Fire stories from the national parks highlight events, incidents, and the like, associated with fire and fuels management, as well as fire education, technology, partnerships, and more. Stories highlight work related to Department of the Interior initiatives as well as local and regional initiatives.
Reducing Risk and Supporting Community Fuels Projects
Whiskeytown National Recreation Area, California
The National Park Service at Whiskeytown National Recreation Area joined forces with the Western Shasta Resource Conservation District and received a $79,000 National Fire Plan grant to construct a shaded fuelbreak along Rock Creek Road in the town of Old Shasta which borders Whiskeytown National Recreation Area.
Wildfire has played a natural part in the evolution of vegetation of the 30,400 acre Shasta West watershed in northern California. With increased urbanization, the California Department of Forestry and Fire Prevention consider this area as having high to very high fire danger. Several fires have occurred in the last 25 years, however, a large percentage of the watershed has not burned in the last 60 years and local officials are very concerned with the level of fuel accumulation and the dramatic increase in residents. The area is also characterized by poor road access for firefighters and equipment.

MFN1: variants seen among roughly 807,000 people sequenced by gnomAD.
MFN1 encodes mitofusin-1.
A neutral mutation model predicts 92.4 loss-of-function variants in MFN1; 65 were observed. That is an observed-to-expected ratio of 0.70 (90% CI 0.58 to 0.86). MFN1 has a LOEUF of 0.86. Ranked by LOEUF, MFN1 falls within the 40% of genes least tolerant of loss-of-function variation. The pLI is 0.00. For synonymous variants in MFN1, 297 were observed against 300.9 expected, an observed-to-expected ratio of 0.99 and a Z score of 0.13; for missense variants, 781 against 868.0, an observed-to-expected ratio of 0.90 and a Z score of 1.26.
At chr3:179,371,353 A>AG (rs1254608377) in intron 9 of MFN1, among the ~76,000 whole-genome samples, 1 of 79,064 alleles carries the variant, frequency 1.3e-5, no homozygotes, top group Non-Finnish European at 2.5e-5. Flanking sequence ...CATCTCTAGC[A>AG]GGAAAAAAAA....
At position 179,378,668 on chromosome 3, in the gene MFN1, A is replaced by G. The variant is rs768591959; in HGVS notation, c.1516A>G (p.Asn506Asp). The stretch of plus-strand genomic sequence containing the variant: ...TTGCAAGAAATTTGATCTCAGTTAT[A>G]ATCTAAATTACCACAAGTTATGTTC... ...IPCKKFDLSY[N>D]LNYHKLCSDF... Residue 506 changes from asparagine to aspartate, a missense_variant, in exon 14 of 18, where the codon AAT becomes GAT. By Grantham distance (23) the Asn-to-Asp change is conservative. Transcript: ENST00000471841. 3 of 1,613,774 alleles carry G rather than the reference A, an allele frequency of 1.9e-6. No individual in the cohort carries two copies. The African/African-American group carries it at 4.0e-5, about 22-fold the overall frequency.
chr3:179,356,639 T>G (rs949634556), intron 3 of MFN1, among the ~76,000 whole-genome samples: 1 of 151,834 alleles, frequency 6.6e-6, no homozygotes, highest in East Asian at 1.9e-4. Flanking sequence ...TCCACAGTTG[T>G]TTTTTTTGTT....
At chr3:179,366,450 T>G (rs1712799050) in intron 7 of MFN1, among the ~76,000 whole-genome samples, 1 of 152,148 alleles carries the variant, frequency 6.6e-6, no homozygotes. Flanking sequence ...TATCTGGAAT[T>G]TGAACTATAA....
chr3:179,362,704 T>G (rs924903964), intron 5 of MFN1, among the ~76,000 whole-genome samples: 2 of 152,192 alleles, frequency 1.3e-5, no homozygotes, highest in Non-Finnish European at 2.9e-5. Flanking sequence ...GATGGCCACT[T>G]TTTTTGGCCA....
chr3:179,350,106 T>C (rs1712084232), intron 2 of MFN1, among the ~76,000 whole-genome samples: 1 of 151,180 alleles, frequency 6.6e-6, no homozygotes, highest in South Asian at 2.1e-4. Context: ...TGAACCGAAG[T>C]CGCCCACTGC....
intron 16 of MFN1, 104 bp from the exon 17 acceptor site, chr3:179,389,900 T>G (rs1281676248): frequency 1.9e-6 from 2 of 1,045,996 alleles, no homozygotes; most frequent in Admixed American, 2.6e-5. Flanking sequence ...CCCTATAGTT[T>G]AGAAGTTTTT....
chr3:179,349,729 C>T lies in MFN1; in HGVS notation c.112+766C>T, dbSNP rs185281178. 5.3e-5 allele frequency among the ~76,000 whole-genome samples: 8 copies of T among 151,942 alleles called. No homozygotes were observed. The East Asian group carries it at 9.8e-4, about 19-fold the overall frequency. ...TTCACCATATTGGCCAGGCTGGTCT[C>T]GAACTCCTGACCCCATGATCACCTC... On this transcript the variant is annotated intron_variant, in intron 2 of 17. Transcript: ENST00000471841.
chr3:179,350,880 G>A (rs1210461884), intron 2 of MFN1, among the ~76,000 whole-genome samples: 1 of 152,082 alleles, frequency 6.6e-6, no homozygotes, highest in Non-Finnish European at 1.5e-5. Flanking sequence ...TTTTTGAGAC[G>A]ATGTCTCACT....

The shaded fuelbreak, which was completed during summer 2006, has helped reduce some of the fire and access risk. The project area is approximately 38 acres and is 2.5 miles long. The fuelbreak is about 50 feet wide along both sides of Rock Creek Road.
It was a multiple landowner project, including private property as well as BLM public land. Crews from the Western Shasta Resource Conservation District performed the work, thinning brush and ladder fuels and removing trees and brush eight inches and less in diameter. The material was chipped and scattered over the area. The area now has an attractive park-like appearance, but more importantly defensible space has improved as well as traffic access in the event of a wildfire.
Working together with our partners makes good sense to protect communities and neighbors.
Contact: Carol Jandrall, Fire Communications and Education Specialist
Phone: (530) 359-2304